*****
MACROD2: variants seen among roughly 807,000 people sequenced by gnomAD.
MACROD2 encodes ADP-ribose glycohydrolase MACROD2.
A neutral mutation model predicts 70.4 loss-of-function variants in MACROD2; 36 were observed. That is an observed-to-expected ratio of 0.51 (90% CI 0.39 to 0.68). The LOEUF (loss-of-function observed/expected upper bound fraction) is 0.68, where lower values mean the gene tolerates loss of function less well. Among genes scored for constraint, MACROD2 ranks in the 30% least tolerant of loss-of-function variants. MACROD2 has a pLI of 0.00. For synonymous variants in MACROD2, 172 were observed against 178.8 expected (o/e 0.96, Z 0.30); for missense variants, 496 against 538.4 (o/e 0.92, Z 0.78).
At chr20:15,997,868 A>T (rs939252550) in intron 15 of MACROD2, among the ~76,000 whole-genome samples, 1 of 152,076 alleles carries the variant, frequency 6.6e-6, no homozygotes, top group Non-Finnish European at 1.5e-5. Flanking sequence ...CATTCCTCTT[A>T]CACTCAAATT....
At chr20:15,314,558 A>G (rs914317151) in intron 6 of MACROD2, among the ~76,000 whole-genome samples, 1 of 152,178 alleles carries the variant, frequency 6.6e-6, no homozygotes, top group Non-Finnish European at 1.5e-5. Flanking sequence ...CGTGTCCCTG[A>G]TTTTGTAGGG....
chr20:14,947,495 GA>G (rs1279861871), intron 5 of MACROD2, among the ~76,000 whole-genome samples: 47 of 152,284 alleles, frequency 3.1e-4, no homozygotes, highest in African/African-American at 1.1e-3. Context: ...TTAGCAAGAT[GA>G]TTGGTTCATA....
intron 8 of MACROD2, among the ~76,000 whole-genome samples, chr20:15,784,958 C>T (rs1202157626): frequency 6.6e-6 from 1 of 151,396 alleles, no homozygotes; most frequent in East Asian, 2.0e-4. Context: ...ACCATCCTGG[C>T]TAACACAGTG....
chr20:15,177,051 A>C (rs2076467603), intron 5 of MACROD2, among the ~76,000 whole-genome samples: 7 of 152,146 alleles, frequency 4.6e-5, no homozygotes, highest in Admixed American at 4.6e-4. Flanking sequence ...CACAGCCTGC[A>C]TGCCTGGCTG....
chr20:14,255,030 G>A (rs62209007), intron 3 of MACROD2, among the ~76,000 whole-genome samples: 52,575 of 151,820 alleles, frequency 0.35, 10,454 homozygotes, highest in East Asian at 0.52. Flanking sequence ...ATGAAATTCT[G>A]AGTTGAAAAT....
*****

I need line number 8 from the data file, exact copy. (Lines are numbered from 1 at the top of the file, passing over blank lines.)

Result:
chr20:15,177,051 A>C (rs2076467603), intron 5 of MACROD2, among the ~76,000 whole-genome samples: 7 of 152,146 alleles, frequency 4.6e-5, no homozygotes, highest in Admixed American at 4.6e-4. Flanking sequence ...CACAGCCTGC[A>C]TGCCTGGCTG....